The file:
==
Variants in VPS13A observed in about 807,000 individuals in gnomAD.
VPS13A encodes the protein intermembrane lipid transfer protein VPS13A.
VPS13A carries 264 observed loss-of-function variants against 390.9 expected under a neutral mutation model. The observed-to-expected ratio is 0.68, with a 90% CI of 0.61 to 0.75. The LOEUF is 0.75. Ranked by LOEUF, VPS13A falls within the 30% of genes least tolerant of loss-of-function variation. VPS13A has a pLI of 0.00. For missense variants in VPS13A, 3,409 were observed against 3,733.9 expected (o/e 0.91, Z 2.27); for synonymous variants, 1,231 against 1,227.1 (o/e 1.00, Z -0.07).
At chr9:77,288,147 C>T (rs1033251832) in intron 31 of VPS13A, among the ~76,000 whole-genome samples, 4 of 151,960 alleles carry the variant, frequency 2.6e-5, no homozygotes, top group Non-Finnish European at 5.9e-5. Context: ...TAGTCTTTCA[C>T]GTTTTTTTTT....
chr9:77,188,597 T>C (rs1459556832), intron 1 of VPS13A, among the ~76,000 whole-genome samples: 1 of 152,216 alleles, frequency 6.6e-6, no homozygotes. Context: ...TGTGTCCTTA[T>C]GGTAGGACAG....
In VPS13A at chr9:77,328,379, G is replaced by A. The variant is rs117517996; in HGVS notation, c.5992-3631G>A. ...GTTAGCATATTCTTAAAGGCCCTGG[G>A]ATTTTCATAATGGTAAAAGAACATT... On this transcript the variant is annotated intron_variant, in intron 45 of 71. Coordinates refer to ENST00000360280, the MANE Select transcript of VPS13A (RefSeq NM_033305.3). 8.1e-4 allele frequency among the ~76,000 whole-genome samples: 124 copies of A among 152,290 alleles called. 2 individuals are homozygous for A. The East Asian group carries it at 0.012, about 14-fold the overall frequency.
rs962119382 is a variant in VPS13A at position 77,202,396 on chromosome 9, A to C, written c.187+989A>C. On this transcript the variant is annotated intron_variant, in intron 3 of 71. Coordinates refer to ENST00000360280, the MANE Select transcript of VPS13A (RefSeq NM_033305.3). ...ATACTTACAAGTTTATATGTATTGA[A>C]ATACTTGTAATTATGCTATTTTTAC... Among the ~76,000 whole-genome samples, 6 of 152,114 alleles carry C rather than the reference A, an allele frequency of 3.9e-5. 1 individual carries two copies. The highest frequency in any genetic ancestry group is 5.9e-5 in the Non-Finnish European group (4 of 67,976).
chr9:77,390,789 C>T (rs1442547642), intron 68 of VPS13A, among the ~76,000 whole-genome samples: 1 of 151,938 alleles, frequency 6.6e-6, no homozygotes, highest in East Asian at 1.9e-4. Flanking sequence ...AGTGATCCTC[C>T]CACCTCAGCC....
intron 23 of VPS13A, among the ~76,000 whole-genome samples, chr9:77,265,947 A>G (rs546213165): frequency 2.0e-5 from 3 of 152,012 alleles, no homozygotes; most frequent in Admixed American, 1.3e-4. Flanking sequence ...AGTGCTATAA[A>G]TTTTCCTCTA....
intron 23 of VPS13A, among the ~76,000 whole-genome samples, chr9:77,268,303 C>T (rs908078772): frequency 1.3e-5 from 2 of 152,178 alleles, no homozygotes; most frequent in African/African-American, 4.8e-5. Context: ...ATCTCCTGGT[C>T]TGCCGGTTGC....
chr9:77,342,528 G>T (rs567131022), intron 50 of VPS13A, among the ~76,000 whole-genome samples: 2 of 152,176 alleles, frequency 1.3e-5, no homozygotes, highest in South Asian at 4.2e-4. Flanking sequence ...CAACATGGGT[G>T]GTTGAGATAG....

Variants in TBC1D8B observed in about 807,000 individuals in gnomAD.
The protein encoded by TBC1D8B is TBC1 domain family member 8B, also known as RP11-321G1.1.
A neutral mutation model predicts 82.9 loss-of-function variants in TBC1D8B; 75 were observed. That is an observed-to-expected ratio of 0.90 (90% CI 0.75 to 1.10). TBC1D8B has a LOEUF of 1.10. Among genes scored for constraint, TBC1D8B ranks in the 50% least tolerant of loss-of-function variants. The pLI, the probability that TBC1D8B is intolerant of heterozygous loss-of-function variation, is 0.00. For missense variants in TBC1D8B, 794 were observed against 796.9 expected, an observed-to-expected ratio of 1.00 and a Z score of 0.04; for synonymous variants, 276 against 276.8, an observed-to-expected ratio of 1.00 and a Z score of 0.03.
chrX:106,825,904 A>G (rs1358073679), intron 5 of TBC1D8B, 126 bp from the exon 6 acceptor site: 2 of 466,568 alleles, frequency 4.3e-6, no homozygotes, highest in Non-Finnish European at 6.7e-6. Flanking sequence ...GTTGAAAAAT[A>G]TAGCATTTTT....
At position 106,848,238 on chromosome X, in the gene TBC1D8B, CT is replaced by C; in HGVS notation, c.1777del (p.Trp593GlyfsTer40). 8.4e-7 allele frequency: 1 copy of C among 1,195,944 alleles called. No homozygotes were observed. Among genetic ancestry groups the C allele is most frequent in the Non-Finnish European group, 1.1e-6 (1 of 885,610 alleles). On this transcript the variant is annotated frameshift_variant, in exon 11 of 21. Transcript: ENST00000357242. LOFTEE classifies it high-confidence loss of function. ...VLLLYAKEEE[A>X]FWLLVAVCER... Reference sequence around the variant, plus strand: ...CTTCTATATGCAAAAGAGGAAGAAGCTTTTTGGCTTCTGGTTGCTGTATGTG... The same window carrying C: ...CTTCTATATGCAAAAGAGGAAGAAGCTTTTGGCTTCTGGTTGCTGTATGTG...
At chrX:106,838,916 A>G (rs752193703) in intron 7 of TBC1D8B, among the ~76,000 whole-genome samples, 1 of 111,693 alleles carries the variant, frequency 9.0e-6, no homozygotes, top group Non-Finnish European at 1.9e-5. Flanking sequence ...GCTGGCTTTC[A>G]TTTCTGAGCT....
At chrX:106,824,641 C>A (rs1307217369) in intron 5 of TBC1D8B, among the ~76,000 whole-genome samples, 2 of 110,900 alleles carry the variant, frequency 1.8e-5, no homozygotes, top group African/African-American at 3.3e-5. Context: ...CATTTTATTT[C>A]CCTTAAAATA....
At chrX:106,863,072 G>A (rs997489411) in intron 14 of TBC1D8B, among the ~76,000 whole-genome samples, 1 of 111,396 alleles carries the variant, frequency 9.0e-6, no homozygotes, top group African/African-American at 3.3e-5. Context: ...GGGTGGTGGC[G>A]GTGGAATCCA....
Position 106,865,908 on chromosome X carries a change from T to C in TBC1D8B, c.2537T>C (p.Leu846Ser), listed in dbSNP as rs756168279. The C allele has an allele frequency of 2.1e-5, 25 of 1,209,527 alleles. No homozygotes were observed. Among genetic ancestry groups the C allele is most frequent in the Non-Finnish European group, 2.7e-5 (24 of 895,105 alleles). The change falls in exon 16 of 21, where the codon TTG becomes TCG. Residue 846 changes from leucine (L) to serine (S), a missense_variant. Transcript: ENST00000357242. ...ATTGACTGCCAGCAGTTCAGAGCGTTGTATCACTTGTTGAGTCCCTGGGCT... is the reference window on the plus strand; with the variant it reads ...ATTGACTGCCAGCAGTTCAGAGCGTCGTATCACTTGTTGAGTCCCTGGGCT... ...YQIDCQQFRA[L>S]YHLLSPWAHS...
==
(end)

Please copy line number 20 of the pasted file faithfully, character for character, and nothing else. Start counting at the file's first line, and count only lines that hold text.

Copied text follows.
Position 106,865,908 on chromosome X carries a change from T to C in TBC1D8B, c.2537T>C (p.Leu846Ser), listed in dbSNP as rs756168279. The C allele has an allele frequency of 2.1e-5, 25 of 1,209,527 alleles. No homozygotes were observed. Among genetic ancestry groups the C allele is most frequent in the Non-Finnish European group, 2.7e-5 (24 of 895,105 alleles). The change falls in exon 16 of 21, where the codon TTG becomes TCG. Residue 846 changes from leucine (L) to serine (S), a missense_variant. Transcript: ENST00000357242. ...ATTGACTGCCAGCAGTTCAGAGCGTTGTATCACTTGTTGAGTCCCTGGGCT... is the reference window on the plus strand; with the variant it reads ...ATTGACTGCCAGCAGTTCAGAGCGTCGTATCACTTGTTGAGTCCCTGGGCT... ...YQIDCQQFRA[L>S]YHLLSPWAHS...